feeding rates and may intensify the  itching  in  affected  pigs.
Mites can be found on pigs year round, but during the winter when
treatment is often difficult producers recognize a mange  problem
in  their herds. Winter adds an additional stress to animals and,
in many cases, pigs are in close contact, allowing the  mites  to
spread  throughout  the  herd. In summer, pigs are less likely to
sleep close together, and mite transmission is slowed due to lack
of  pig  to  pig contact. Treatment is also easier in summer when
concerns of animal stress due to spraying and handling are less.

     Infestations by Demodex phylloides are  uncommon  in  swine.
These  mites live in the hair follicles and produce a pimple-like
lesion. The complete life cycle  is  not  known,  but  the  mites
require  about  3 weeks to develop through three larval stages to
the adult. Adults will live for 1 to 2 months. Usually, an infes-
tation  begins  around  the  nose  and eyelids, then moves to the
abdomen and inner thigh areas. No serious pruritus  (itching)  or
other  clinical problem is involved with this parasite. Occasion-
ally, the pimples become infected and an abscess develops.


     Species of mange mites and hog lice described  above  infest
only  swine.   These  pests  are not carried on other animals, so
pig-to-pig contact is the major means of transmission.  Hog  lice
and  sarcoptic  mites  can  live  in warm bedding for 1 to 2 days
under ideal conditions before attaching to a new host.  Occasion-
ally,  this  will  result  in  uninfested  animals being infected
without direct animal contact. However, primary  transmission  is
by  direct  contact with infested pigs. Demodectic mites are very
susceptible to drying and low temperatures and will live  only  a
day or two away from the host.


     Treatment of swine for sarcoptic mange based  upon  products
currently available for use in the U.S. will fall into one of two
categories:  sprays or dips and injectable. While  the  specifics
of  a  mange  control  program will differ based upon the product
chosen, there are some fundamental steps  that  should  be  taken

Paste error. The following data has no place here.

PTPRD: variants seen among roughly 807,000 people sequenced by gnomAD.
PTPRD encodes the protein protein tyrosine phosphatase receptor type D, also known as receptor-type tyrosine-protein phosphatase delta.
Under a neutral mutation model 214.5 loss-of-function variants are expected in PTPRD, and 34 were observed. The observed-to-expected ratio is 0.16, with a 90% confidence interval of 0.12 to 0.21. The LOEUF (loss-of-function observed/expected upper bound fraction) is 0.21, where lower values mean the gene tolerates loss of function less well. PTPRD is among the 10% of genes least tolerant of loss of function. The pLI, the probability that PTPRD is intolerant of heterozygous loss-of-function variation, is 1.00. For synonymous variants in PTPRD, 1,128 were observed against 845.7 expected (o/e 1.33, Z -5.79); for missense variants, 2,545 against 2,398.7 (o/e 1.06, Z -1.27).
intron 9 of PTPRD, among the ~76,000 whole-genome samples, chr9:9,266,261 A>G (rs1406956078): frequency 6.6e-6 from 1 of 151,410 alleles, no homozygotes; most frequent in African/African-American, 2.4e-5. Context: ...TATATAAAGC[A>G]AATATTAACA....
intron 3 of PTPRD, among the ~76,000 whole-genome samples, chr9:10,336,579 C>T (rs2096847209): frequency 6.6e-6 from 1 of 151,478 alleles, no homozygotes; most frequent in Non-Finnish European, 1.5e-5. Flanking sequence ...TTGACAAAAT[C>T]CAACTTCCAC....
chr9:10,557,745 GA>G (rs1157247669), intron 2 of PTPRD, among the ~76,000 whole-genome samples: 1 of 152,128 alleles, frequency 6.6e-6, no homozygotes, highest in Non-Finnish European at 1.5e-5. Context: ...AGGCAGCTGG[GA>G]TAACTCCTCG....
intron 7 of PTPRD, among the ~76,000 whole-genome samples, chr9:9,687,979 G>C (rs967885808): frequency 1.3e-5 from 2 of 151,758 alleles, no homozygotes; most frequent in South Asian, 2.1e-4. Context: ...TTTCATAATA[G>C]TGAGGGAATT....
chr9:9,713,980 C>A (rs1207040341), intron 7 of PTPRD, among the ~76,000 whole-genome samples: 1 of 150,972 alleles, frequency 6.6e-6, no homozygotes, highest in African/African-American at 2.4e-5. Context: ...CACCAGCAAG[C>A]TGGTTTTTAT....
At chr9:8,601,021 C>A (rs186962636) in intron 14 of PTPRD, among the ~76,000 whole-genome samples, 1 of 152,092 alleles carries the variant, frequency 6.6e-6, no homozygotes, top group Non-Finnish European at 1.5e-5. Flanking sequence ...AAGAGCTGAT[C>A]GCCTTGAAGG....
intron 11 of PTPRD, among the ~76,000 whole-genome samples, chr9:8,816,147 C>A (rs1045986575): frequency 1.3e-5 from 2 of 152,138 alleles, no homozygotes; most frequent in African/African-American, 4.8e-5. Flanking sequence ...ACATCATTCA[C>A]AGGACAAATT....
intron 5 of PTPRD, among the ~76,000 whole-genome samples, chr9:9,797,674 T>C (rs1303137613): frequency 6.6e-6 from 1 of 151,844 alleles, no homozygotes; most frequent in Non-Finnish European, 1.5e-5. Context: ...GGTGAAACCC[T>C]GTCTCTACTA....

with any mange control program.

     Mange is a problem that recirculates throughout the breeding
herd.  Mange  is  introduced onto a farm by introduction of pigs,
feeder pigs or breeding animals. Any mange program  should  start
with  good bio-security. Producers should put in mange free stock
when possible and all animals should be isolated  in  a  separate
building  until  they  can  be  treated for internal and external
parasites as well as other disease problems.

     Sows and herd-boars should be the focal  point  for  a  herd
control  program.   Sows  should be treated prior to farrowing so
that when the piglets are nursing, the  fewest  (hopefully  none)
mites  will  be  transmitted  to  them.  Boars are exposed to all
females in the herd and therefore should be treated 4 to 6  times
a  year.  Animals should be examined closely 30 days after treat-
ment and any animals that appear to still have  mange  retreated.
These  animals  should  be  checked again in 30 days and, if they
still appear to have mange, should be culled  from  the  herd  as
they  are  carriers and will continually spread mange through the
herd. One sow that is a carrier will transmit mites to her  pigs.
When  these  pigs  are weaned and mixed with other litters in the
nursery, the whole pen will have mange. In the final move of  the
pigs  from the nursery to the finishing floor, the pigs are mixed